Salmonella And E. Coli Bacteria Found In Packets Of Shelled Nuts

Source of Article:

A recent study carried out by the Health Protection Agency and LACORS (Local Authorities Co-ordinators of Regulatory Services) has revealed the presence of Salmonella and E. coli bacteria in a small number of samples of ready-to-eat shelled nuts.

Consumption of nuts has gone up, reflecting a growing preference for snacks that are both healthy and convenient. The study was therefore undertaken to explore the microbiological safety of a selection of these products including brazil nuts, cashews and peanuts.

Between October 2008 and March 2009, councils collected 2,866 samples of nuts of different varieties from randomly selected retail premises such as supermarkets and health food shops. Testing of the nuts showed that at least 99% were of a satisfactory or acceptable quality in microbiological terms. However 0.1% of samples were found to be unsafe due to the presence of Salmonella, which is unacceptable in ready-to-eat foods. E. coli, the presence of which indicates poor hygiene was found in a total of 0.8% of the samples; and in 0.03% of samples the level of E. coli was assessed as being too high and therefore unsatisfactory in microbiological terms.

Dr Jim McLauchlin, Director of the Health Protection Agency's Food, Water & Environmental Microbiology Services, said:

"Our study shows that the vast majority of ready-to-eat nuts tested were safe to eat; however, a very small number were contaminated with unacceptable levels of Salmonella. Ready-to-eat foods contaminated with even low levels of Salmonella can cause illness. The Food Standards Agency was immediately informed of affected batches; these were recalled and full investigations undertaken."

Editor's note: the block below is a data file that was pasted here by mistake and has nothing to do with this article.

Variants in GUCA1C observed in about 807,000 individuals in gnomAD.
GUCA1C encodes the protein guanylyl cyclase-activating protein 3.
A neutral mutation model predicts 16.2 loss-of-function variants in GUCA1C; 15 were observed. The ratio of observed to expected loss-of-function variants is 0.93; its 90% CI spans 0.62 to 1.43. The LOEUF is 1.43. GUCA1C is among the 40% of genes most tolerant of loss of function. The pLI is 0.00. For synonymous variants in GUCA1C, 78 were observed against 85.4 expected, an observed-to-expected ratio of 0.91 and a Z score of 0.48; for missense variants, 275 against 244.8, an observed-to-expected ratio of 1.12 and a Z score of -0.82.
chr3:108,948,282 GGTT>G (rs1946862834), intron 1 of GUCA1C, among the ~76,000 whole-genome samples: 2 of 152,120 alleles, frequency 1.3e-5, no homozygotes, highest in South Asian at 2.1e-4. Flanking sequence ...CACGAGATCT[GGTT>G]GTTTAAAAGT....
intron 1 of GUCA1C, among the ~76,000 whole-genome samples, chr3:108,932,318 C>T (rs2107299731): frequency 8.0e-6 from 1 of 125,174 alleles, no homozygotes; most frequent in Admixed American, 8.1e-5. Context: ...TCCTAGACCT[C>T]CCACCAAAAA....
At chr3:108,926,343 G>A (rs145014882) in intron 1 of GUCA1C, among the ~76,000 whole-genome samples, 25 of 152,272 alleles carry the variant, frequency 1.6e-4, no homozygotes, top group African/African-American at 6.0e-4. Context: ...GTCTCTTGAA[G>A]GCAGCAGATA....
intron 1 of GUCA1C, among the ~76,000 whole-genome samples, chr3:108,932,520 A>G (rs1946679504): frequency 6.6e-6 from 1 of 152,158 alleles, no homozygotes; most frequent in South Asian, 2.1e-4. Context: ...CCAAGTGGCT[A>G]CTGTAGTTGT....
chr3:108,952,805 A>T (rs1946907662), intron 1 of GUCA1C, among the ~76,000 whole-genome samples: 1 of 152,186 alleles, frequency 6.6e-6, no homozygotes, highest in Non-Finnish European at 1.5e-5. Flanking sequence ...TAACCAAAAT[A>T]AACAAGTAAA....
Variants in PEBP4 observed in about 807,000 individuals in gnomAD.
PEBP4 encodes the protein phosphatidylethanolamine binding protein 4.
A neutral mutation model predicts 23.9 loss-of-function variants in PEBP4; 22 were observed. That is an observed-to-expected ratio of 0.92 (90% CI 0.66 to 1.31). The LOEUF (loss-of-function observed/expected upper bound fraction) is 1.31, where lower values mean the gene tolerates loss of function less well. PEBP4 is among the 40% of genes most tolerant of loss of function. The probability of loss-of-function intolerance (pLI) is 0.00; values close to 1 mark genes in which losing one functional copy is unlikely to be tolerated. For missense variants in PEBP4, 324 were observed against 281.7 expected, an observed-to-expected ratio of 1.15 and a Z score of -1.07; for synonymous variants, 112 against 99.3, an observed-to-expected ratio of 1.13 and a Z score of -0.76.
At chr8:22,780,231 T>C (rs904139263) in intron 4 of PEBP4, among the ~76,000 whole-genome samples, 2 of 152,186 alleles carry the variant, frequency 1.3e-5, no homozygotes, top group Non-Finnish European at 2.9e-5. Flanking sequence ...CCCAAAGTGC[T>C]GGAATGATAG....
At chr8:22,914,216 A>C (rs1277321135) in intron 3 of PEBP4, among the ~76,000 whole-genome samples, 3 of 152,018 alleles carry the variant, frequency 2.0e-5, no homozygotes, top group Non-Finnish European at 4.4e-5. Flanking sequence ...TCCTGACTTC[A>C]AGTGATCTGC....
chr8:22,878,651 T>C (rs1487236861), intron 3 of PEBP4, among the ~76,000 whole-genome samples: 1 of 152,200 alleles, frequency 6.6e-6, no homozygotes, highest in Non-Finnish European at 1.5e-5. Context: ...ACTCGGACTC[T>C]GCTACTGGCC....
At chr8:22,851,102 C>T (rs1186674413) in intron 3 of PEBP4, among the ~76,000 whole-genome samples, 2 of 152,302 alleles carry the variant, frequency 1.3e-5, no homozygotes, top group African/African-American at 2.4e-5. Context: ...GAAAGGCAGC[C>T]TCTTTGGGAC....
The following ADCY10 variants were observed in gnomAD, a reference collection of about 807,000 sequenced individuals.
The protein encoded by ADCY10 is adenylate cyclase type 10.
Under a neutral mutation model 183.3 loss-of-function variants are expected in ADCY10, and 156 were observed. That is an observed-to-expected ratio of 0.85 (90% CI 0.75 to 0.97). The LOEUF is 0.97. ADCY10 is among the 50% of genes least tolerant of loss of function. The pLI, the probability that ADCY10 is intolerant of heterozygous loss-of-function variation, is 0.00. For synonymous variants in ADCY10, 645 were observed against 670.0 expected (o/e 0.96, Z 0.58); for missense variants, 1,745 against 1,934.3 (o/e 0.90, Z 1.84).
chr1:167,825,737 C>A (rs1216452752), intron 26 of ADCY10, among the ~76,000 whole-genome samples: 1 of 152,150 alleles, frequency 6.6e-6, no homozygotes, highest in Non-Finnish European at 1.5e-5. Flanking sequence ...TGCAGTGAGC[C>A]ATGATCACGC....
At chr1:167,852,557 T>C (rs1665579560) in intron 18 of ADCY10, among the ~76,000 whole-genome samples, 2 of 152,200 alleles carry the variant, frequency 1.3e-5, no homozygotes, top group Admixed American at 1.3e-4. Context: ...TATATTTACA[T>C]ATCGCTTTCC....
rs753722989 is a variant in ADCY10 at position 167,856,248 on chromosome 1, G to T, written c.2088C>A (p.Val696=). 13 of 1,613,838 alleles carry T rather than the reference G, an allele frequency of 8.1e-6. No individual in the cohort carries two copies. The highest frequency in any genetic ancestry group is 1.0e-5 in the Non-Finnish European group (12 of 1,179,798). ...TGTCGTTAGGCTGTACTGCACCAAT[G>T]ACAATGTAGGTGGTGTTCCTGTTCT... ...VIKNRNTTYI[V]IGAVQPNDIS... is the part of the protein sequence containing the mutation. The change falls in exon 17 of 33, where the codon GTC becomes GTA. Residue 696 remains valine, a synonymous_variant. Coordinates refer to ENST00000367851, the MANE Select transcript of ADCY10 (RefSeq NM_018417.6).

LACORS Chairman, Councillor Geoffrey Theobald OBE, said:

"Councils across the country are supporting businesses to help ensure that the food we eat is safe. Studies like this are a powerful means of councils working together to protect their communities by responding to emerging trends and potential risks.

The full report can be found on the Health Protection Agency's website at the following link:


1. Samples of nuts of different varieties were collected from randomly selected retail premises from lists held by Local Authority Environmental Health Departments (EHDs).

2. Samples tested were either of a single type of nut or of 'mixes' with a combination of two or more of the single types. Single types of nuts sampled were almonds, brazils, cashews, hazels, macadamia, peanuts, pecans, pine nuts, pistachios, walnuts and other nuts (chestnuts and soya nuts).

3. Most of the nuts sampled were whole, though some were halved/broken.

4. Of the single types of nuts sampled, Brazils were the most contaminated nut - 0.4% of samples were contaminated by Salmonella and 2.1% were contaminated by E. coli.

Health Protection Agency


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